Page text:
DOI: 10.1097/md.0000000000034769 ISSN:

Short-term clinical outcomes of primary total knee arthroplasty with a new-type kinematic retaining implant: A comparison with preexisting cruciate retaining prosthesis

Takashige Momose, Masaki Nakano, Yukio Nakamura, Takashi Maeda, Atsushi Sobajima, Susumu Morioka, Masashi Nawata
  • General Medicine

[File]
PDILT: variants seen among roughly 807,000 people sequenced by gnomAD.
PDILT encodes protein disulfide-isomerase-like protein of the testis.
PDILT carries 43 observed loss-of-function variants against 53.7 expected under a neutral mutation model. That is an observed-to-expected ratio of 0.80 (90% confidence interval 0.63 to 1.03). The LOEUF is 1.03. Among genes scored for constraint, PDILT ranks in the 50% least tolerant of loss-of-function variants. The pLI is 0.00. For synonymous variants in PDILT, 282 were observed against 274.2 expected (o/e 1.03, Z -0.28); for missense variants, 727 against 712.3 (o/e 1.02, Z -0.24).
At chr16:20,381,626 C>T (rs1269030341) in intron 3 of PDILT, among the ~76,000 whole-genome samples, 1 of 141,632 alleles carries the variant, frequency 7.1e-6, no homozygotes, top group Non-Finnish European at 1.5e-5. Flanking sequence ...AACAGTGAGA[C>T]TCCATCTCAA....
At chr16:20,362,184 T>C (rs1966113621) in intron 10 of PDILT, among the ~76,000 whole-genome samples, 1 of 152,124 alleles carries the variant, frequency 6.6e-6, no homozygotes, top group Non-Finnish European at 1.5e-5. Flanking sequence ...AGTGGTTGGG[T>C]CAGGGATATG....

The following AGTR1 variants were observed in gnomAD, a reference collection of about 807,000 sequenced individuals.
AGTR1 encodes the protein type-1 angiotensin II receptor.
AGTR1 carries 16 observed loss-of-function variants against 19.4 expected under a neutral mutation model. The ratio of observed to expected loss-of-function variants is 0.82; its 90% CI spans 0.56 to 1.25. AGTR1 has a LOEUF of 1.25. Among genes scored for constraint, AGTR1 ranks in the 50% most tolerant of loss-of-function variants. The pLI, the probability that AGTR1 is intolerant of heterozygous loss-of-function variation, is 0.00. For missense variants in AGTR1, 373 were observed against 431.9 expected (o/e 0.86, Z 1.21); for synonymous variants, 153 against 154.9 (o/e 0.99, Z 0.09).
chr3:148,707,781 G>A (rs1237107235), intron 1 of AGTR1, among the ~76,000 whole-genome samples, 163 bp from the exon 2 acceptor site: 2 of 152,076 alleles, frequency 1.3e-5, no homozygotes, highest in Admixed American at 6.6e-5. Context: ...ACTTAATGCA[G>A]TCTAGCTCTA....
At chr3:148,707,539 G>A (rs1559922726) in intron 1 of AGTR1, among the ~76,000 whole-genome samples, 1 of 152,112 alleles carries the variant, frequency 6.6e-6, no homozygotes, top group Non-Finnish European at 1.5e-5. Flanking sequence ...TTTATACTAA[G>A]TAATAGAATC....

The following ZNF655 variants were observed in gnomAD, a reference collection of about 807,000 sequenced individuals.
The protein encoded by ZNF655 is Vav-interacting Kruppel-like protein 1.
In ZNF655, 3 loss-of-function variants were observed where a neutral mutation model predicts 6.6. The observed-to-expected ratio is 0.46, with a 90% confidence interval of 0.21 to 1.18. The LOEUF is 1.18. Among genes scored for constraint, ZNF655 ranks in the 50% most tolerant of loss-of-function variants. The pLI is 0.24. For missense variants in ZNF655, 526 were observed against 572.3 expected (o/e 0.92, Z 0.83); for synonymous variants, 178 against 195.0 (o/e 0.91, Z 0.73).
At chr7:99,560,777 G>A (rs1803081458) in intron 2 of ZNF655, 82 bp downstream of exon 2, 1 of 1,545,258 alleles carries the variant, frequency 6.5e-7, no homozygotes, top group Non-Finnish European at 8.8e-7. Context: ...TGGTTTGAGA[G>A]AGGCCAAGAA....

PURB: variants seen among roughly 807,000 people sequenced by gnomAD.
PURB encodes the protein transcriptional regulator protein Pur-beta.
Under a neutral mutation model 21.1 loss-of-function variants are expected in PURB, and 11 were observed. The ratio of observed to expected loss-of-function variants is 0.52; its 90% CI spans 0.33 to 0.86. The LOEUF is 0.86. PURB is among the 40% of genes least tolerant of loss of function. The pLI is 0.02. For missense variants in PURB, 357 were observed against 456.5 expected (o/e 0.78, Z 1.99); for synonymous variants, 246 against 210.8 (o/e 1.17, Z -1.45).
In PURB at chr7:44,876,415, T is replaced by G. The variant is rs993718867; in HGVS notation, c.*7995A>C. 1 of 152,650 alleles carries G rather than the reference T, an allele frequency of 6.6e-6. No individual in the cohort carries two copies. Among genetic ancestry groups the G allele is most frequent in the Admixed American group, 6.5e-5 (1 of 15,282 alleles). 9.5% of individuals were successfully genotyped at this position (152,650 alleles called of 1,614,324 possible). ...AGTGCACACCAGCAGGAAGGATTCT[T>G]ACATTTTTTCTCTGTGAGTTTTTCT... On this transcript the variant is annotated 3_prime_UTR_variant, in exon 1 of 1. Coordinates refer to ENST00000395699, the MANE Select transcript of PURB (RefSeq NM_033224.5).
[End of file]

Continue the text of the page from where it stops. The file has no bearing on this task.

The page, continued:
Despite the success of total knee arthroplasty (TKA), current implant designs could not consistently restore the physiological knee kinematics, especially in cruciate-retaining (CR) implants. This study aimed to investigate the short-term clinical outcomes, particularly patient satisfaction, of primary TKA employing a new-type kinematic retaining (KR) implant. We analyzed 149 cases applied the KR implant at our institutions during June 2017 to May 2019. The effectiveness of this implant design was compared with another CR one (171 cases). Both groups underwent primary TKA in the same period and all patients completed 2 years of follow-up. Perioperative changes in range of motion (ROM), Knee Score, function score, and patient satisfaction by Forgotten Joint Score-12 (FJS-12) method were evaluated. Postoperative ROM, Knee Score, and function score were significantly improved at 1 year after surgeries and maintained for another year in both KR and CR groups. The improvement rate of ROM in KR group (108.1%) was substantially higher than that in CR (104.5%), even 4% increase could have affected patients’ satisfaction in a real-world setting. Regarding the patient satisfaction, such 4 items as climbing stairs, walking on a bumpy road, doing housework or gardening, and taking a walk or hiking were significantly enhanced in KR cases compared to CR. There were no loosening or revision cases and the short-term survivorships of both implants were 100%. In addition, there has been no case of obvious complications in both groups during and after surgeries. The results of the present study suggest that this novel KR prosthesis can reproduce physiological knee kinematics, recover its functions, and contribute to pain relief after TKA. TKA procedure using the KR implant should be a good surgical option to improve postoperative outcomes.

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